The Board of County Commissioners unanimously voted Tuesday to repeal an ordinance naming Thurston County a “welcoming community” to people regardless of their immigration status.
Instead, County Commissioners replaced it with an ordinance that states the county is a welcoming community “to not only immigrants, but to all residents regardless of their heritage and background.”
The commissioners did not discuss either ordinance before they voted. The “welcoming community” ordinance was passed in December, just before two of the commissioners took office.
Earlier, during the public comment portion of the meeting, Zena Hartung of Olympia urged the commissioners to table the proposed ordinance.
“This strikes me as a disingenuous obfuscation, in other words (a) lie, or maybe just an alternative fact,” she said.
Hartung criticized the commission for its recent firing of Director of Public Defense Daryl Rodrigues and the removal of former Olympia City Council member Joe Hyer from the county’s Solid Waste Advisory Committee. She said they haven’t acted welcoming to people who are different from them.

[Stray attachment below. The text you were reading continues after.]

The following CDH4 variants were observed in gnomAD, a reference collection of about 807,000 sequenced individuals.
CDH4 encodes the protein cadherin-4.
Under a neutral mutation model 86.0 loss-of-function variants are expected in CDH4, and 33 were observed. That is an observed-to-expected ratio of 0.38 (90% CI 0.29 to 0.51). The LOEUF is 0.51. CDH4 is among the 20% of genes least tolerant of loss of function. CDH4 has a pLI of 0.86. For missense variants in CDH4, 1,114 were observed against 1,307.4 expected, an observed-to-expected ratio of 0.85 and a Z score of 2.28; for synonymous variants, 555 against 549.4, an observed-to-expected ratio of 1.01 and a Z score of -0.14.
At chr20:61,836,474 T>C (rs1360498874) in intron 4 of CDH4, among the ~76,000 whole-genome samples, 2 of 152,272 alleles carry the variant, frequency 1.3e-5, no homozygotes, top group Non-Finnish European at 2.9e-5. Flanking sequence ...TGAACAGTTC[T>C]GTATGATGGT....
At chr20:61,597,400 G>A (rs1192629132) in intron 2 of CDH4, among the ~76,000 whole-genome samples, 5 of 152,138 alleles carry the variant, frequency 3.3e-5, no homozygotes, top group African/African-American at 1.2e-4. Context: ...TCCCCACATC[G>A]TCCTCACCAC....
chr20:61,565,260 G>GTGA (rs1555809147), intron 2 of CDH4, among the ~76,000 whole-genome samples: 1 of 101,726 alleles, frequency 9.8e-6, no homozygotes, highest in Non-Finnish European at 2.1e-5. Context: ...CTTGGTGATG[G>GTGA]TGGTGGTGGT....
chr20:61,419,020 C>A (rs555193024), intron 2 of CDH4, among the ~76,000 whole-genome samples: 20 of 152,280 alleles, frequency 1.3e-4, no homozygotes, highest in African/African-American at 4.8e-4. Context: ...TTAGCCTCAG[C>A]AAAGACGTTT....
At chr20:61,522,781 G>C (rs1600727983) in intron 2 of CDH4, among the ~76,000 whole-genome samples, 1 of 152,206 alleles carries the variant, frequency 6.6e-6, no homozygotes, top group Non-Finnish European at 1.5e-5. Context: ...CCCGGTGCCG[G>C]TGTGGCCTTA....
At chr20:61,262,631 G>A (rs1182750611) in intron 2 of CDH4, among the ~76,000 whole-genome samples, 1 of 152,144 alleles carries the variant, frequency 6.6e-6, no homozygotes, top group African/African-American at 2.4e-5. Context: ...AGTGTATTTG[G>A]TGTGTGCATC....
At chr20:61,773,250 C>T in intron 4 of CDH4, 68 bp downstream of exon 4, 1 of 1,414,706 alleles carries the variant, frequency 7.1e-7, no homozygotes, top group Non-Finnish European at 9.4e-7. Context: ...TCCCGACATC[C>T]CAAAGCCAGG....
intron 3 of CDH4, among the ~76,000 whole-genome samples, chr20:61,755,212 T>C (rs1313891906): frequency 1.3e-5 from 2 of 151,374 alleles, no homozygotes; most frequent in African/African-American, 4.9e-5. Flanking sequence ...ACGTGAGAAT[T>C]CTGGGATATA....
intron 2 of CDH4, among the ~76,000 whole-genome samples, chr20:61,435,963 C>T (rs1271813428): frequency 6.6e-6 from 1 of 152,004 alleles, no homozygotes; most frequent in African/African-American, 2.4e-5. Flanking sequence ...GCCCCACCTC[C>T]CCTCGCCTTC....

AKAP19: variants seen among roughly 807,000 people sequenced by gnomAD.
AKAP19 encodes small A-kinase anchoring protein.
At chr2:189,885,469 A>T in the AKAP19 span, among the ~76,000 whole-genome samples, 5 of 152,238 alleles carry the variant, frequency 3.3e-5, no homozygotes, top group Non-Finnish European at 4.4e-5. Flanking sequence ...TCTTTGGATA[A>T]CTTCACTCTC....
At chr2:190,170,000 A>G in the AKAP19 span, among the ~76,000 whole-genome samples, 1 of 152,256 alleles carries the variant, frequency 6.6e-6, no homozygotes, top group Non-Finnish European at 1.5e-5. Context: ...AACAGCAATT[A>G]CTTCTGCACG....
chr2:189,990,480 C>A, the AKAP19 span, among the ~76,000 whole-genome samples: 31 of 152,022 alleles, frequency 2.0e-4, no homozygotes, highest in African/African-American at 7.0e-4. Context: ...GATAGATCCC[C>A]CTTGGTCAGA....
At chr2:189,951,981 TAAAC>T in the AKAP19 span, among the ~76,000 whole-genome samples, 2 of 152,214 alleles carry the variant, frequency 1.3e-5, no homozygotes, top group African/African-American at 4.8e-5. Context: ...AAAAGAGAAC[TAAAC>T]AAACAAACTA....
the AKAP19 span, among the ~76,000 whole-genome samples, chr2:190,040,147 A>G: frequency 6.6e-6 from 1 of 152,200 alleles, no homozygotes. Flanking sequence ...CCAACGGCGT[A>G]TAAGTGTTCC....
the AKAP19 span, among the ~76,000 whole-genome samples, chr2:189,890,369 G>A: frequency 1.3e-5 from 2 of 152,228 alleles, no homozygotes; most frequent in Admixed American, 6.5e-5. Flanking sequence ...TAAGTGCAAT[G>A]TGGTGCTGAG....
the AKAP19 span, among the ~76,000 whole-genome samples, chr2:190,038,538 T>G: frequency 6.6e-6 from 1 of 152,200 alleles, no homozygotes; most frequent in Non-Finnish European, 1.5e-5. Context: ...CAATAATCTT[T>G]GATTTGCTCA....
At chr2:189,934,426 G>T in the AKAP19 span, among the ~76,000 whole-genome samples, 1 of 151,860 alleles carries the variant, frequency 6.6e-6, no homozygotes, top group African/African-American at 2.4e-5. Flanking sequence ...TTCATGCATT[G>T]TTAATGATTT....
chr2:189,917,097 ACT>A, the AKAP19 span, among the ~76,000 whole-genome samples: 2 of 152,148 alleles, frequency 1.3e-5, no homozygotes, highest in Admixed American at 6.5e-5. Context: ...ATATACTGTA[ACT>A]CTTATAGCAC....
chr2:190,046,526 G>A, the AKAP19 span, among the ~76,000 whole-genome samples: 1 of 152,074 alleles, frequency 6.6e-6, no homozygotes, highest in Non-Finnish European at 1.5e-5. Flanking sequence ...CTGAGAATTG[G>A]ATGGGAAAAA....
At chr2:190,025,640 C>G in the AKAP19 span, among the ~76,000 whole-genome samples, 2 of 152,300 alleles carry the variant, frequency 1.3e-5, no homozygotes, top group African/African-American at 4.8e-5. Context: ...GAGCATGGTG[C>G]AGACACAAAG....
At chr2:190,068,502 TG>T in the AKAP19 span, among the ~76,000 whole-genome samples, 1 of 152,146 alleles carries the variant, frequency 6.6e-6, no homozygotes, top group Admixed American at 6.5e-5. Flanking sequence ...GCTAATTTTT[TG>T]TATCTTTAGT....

“Actions speak louder than words,” she said.
Thurston County’s three politically independent commissioners have vowed to shake up county government. Commissioners John Hutchings and Gary Edwards were elected in November, joining commission chairman Bud Blake. They have begun unraveling some of the policies adopted by the previous commission, which was led by two Democrats.
So far, the new commission has repealed a $10 fee for about 42,000 property owners with septic systems. In addition to the actions taken against Rodrigues and Hyer, they also asked for the resignation of the public health director.
After Tuesday’s meeting, Edwards told The Olympian that he believes the new ordinance is better than the old one because it doesn’t single out people for their immigration status.
“I think that welcoming everyone regardless of their heritage covers it all,” he said. “That means we’re welcoming everybody.”
He said he believes the earlier ordinance could have set the county up to lose federal funding. President Donald Trump has ordered cuts in federal funding for communities that declare they are safe harbors for undocumented immigrants, also known as “sanctuary cities.”
“It’s a bit of a bugaboo in the future — it could be on budgetary issues,” Edwards said. “And we really need to make sure we don’t run into any budget setbacks.”
However, Edwards said he doesn’t think the new ordinance changes the county’s existing practice of not holding people based solely on a detention request from U.S. Immigration and Customs Enforcement, or ICE. The Sheriff’s Office stopped holding people solely on ICE requests in April 2014, after a U.S. District Court ruling that ICE detainers were requests and not legally mandated.